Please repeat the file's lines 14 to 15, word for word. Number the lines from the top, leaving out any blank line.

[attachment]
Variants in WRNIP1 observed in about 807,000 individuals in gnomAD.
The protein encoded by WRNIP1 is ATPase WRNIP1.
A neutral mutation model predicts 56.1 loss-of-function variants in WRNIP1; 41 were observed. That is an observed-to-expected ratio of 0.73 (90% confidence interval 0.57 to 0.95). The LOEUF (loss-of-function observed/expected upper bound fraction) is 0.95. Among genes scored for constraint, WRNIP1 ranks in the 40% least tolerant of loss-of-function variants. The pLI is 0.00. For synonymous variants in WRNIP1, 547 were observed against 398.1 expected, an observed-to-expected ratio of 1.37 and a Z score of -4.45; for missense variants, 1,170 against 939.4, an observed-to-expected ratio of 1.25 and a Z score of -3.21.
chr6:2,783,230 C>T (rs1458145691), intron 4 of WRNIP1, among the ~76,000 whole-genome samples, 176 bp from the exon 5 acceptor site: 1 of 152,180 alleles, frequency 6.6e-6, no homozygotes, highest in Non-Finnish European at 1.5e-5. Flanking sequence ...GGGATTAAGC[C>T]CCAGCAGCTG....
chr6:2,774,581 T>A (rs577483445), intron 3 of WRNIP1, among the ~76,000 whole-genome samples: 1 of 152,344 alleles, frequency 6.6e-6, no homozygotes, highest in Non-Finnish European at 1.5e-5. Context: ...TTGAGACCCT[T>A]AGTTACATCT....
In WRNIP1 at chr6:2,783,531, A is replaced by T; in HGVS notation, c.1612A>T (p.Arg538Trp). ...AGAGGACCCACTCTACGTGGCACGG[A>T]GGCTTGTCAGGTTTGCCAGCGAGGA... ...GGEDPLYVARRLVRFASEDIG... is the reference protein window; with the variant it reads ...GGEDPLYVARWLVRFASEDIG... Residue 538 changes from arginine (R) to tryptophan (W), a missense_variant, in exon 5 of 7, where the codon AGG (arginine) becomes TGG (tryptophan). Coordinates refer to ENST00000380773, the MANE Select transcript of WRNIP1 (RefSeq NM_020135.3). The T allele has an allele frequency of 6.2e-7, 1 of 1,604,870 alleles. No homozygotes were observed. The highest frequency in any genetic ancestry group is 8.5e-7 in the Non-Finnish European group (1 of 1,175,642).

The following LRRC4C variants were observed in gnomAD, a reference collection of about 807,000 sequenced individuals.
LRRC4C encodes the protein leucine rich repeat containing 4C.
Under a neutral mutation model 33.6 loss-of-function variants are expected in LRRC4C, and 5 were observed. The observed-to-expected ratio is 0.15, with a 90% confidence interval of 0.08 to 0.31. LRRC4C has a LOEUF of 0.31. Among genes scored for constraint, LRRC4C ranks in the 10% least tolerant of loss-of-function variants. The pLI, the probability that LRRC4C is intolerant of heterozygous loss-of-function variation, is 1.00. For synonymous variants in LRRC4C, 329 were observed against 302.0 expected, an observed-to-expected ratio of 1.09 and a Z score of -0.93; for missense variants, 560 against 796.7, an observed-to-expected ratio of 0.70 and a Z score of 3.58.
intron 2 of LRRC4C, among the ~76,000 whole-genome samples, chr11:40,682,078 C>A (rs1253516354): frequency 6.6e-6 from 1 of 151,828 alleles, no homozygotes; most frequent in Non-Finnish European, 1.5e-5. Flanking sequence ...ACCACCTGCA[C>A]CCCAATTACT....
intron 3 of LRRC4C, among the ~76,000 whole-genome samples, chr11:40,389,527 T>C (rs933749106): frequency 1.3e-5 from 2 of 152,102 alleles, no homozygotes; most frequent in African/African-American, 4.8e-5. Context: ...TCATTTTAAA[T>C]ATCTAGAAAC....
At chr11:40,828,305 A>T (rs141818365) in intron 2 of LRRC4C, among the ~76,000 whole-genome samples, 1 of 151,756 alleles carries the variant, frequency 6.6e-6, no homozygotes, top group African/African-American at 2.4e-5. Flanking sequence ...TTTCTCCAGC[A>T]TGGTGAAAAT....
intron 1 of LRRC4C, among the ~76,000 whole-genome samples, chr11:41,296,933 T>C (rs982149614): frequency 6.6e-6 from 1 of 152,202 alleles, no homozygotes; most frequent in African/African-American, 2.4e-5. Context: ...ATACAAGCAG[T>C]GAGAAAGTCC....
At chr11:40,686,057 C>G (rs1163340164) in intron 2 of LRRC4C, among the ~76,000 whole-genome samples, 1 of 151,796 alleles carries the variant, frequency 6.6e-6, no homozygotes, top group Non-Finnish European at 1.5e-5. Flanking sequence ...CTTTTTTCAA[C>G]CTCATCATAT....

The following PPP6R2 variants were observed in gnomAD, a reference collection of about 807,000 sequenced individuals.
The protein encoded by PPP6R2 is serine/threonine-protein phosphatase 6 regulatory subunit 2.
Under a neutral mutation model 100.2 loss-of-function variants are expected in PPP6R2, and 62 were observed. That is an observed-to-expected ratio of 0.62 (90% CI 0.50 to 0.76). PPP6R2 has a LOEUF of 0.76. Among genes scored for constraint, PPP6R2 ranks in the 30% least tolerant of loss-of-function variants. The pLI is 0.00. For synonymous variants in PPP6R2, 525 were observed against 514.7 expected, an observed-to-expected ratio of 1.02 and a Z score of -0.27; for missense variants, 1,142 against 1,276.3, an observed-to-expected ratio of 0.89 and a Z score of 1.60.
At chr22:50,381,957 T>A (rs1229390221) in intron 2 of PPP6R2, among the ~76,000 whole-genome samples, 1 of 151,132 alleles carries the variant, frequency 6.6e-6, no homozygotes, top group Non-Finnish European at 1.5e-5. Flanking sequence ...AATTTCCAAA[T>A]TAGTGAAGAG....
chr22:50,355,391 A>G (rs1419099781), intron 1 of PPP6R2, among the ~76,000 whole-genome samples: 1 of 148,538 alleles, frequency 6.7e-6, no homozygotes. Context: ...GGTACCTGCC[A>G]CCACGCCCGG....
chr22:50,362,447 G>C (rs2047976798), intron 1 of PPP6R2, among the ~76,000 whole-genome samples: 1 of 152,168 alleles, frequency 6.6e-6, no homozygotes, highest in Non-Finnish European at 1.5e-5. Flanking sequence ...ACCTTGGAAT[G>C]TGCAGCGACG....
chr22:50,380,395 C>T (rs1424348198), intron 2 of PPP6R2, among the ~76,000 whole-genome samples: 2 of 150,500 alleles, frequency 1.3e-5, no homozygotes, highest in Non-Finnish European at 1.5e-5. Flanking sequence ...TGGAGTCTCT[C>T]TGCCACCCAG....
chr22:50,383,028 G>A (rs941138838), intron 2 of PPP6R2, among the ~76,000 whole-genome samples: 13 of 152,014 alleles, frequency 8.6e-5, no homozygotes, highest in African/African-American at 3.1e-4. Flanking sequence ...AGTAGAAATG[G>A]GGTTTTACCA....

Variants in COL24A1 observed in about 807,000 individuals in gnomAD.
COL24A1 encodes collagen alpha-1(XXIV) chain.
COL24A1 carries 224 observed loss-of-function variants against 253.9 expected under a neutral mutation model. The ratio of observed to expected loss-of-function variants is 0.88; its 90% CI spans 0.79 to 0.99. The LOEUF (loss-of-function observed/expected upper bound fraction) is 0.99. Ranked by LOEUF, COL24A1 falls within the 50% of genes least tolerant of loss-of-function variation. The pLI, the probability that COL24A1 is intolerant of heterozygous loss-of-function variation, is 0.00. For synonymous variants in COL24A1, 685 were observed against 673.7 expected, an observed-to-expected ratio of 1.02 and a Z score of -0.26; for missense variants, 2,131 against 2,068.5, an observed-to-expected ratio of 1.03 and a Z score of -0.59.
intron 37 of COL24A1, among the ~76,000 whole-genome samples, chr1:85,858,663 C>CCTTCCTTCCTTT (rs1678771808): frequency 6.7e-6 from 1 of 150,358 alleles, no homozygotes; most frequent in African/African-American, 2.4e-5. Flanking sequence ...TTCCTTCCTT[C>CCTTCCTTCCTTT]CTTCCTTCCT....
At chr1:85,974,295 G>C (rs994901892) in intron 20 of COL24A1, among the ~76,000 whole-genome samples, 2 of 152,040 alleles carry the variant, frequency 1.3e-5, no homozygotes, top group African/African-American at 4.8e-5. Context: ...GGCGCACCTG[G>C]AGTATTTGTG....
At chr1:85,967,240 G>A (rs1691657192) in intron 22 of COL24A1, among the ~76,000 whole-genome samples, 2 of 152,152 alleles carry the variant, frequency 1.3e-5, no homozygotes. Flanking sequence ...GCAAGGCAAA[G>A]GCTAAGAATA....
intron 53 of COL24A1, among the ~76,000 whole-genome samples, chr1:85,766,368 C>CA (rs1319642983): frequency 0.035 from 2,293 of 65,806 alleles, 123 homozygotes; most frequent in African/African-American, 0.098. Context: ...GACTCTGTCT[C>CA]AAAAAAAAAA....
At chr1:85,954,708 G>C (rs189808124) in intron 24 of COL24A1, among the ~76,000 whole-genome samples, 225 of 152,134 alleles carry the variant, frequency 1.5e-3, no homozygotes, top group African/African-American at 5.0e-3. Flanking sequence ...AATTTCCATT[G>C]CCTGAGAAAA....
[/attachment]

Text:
At chr11:40,686,057 C>G (rs1163340164) in intron 2 of LRRC4C, among the ~76,000 whole-genome samples, 1 of 151,796 alleles carries the variant, frequency 6.6e-6, no homozygotes, top group Non-Finnish European at 1.5e-5. Flanking sequence ...CTTTTTTCAA[C>G]CTCATCATAT....

The following PPP6R2 variants were observed in gnomAD, a reference collection of about 807,000 sequenced individuals.